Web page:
You can find distortion employed everywhere in music. The classic sound of the Hammond Organ relies heavily on the overdrive of the tube amplification in Leslie cabinets, and without that grit, it just doesn't sound like soul music. The African mbira is a thumb piano that benefits greatly from being attached to a resonant gourd with bottle caps nailed to it, which creates a buzzing texture to enhance the mbira's tone. That enharmonic noise component brings to mind another kind of textural distortion, found in the family of instruments loosely categorized as flutes.

Whether we're talking about Mozart or Native American, Indian classical, ancient indigenous wood or bamboo flutes from any continent, flutes by nature employ an intrinsic “noise” component as a result of blowing air over a hole (as opposed to into a sealed mouthpiece like on a trumpet). The richness of a flute's tone is directly related to that nontonal rush of air that is a big chunk of broadband noise, related closer to wind howling or water rushing over a waterfall than to anything flute players do with their fingers to create specific notes.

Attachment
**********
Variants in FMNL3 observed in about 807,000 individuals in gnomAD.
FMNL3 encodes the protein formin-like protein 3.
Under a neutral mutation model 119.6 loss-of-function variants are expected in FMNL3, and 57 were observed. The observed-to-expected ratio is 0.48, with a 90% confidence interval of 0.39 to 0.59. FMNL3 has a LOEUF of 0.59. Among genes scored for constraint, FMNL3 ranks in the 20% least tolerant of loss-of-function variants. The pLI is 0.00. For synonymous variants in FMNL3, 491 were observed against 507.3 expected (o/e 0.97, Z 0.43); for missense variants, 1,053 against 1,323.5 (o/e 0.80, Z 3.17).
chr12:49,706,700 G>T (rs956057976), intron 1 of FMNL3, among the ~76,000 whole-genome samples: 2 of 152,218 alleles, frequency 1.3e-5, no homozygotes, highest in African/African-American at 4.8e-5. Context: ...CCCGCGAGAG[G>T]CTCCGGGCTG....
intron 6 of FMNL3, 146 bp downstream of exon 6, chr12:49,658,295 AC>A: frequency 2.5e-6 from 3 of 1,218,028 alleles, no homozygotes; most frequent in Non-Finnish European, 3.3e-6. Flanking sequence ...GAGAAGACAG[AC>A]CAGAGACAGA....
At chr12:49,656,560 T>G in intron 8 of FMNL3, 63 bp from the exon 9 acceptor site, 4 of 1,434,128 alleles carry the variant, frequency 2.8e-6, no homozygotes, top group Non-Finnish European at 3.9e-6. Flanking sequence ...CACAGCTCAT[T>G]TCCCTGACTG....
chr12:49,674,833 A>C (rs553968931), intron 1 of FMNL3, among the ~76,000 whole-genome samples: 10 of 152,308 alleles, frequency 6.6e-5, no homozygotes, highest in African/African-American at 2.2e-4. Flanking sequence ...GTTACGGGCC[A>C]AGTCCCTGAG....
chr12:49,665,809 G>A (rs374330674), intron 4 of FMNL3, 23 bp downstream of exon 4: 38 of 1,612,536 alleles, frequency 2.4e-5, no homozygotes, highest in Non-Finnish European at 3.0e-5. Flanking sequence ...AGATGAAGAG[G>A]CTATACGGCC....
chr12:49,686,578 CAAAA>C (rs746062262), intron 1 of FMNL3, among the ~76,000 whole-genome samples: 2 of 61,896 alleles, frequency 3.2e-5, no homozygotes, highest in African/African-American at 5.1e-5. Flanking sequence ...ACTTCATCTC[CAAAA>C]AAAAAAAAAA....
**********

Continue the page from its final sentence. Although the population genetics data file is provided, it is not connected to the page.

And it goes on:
Synth programmers use similar noise sources to add texture and richness to a patch and as a source for filtering and modulating into something sweet and tasty. Adding harmonic distortion to a flute sound will have a different result than adding more enharmonic noise, but the result may even be more musically pleasing. Overdriving a flute sound will add harmonically saturated overtones that are directly related to the notes of the source material and that can evolve the sound into something that makes your ears perk up. (See audio examples 22 through 25.)